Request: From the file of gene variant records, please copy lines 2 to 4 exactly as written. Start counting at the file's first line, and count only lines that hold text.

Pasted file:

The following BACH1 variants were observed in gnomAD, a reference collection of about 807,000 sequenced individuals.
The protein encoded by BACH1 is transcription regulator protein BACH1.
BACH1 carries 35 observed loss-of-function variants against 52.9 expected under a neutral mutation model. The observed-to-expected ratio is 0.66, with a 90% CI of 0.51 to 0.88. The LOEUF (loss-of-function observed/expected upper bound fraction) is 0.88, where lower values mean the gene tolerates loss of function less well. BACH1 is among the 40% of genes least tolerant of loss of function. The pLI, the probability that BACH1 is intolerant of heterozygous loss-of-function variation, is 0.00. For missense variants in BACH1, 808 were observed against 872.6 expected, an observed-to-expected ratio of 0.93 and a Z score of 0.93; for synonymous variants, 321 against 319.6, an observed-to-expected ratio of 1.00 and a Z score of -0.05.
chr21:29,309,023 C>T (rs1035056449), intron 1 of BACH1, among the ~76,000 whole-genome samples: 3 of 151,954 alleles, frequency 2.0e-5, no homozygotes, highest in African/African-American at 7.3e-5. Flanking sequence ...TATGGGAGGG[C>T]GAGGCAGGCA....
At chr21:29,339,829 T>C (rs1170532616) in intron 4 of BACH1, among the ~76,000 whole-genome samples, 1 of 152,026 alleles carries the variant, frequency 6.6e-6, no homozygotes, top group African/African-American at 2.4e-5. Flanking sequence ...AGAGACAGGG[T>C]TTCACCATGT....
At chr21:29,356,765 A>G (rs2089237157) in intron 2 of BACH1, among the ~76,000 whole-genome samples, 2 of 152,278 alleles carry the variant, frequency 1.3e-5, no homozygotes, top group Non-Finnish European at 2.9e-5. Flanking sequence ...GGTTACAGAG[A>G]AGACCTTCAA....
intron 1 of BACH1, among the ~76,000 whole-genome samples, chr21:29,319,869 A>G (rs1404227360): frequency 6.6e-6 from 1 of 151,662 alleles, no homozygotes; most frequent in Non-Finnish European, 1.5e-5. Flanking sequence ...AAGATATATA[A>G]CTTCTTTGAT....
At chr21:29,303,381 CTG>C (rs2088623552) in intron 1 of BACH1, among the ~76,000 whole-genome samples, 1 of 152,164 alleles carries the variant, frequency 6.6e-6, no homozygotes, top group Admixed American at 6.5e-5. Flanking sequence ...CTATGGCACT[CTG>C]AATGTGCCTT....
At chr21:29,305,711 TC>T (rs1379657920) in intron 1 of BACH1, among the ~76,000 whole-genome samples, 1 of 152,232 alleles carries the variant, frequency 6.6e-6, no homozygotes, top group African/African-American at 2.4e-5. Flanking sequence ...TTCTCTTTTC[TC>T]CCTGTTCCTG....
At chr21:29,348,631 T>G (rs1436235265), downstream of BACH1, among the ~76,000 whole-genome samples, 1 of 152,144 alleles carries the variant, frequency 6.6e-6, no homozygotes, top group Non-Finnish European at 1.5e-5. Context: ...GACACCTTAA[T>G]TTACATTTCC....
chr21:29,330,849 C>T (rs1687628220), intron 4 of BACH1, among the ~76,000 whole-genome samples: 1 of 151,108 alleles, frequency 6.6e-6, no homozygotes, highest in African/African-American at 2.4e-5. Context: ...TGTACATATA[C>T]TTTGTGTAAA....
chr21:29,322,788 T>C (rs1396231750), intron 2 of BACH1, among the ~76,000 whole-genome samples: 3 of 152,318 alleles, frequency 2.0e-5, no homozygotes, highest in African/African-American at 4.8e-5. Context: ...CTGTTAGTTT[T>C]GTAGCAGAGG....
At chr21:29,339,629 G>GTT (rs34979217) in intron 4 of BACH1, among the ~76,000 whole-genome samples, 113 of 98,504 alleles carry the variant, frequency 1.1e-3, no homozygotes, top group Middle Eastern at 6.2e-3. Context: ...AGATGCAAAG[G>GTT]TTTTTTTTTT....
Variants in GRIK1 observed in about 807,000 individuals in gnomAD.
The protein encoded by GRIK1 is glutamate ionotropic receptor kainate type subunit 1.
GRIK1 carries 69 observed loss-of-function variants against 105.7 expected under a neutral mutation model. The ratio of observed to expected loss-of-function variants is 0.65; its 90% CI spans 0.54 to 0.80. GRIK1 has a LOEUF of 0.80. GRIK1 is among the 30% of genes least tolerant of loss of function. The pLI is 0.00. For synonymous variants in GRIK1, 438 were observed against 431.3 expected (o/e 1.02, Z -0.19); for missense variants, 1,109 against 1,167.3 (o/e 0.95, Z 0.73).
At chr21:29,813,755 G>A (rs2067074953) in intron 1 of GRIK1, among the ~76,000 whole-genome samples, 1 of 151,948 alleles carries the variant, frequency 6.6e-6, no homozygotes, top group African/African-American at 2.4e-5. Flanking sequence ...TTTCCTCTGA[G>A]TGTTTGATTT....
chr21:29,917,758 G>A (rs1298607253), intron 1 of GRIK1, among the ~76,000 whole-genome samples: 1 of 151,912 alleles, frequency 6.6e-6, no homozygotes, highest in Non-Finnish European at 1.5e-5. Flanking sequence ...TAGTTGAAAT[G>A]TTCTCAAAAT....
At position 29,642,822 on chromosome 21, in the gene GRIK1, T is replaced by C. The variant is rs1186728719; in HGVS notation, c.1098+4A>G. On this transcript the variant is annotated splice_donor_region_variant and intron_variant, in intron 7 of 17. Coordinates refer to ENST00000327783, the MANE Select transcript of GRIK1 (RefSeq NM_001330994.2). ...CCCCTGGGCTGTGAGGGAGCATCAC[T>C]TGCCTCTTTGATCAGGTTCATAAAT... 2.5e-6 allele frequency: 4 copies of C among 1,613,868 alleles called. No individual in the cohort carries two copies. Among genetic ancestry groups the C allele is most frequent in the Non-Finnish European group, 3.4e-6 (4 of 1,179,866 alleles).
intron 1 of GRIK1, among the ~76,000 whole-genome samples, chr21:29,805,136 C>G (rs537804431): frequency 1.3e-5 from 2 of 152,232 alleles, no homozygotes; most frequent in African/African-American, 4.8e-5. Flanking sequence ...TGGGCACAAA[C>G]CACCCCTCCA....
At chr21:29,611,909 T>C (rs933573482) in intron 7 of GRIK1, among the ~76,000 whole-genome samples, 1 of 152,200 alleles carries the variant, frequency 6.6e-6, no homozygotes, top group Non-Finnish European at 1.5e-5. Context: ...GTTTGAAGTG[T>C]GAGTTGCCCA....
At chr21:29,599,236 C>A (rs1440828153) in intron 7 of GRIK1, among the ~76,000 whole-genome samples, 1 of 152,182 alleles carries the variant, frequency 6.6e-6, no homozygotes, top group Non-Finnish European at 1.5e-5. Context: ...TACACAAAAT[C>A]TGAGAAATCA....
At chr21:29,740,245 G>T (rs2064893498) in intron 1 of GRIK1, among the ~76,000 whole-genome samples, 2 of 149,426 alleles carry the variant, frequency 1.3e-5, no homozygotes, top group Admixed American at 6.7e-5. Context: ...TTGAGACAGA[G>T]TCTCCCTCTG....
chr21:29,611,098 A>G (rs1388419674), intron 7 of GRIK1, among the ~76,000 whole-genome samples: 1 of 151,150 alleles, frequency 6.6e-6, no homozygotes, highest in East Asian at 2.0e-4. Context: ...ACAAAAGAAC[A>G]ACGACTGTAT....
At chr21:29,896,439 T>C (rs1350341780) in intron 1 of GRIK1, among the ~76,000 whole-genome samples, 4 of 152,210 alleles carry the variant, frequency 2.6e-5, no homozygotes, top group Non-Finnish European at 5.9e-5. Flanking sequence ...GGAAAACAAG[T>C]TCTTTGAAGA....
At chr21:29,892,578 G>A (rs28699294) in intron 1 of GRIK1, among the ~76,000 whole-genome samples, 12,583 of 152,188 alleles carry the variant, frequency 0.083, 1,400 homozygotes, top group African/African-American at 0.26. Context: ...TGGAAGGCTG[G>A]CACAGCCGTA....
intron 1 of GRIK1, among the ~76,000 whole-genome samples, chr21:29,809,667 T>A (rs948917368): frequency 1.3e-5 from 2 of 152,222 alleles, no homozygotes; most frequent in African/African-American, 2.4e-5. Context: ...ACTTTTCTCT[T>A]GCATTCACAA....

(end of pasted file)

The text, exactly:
The protein encoded by BACH1 is transcription regulator protein BACH1.
BACH1 carries 35 observed loss-of-function variants against 52.9 expected under a neutral mutation model. The observed-to-expected ratio is 0.66, with a 90% CI of 0.51 to 0.88. The LOEUF (loss-of-function observed/expected upper bound fraction) is 0.88, where lower values mean the gene tolerates loss of function less well. BACH1 is among the 40% of genes least tolerant of loss of function. The pLI, the probability that BACH1 is intolerant of heterozygous loss-of-function variation, is 0.00. For missense variants in BACH1, 808 were observed against 872.6 expected, an observed-to-expected ratio of 0.93 and a Z score of 0.93; for synonymous variants, 321 against 319.6, an observed-to-expected ratio of 1.00 and a Z score of -0.05.
chr21:29,309,023 C>T (rs1035056449), intron 1 of BACH1, among the ~76,000 whole-genome samples: 3 of 151,954 alleles, frequency 2.0e-5, no homozygotes, highest in African/African-American at 7.3e-5. Flanking sequence ...TATGGGAGGG[C>T]GAGGCAGGCA....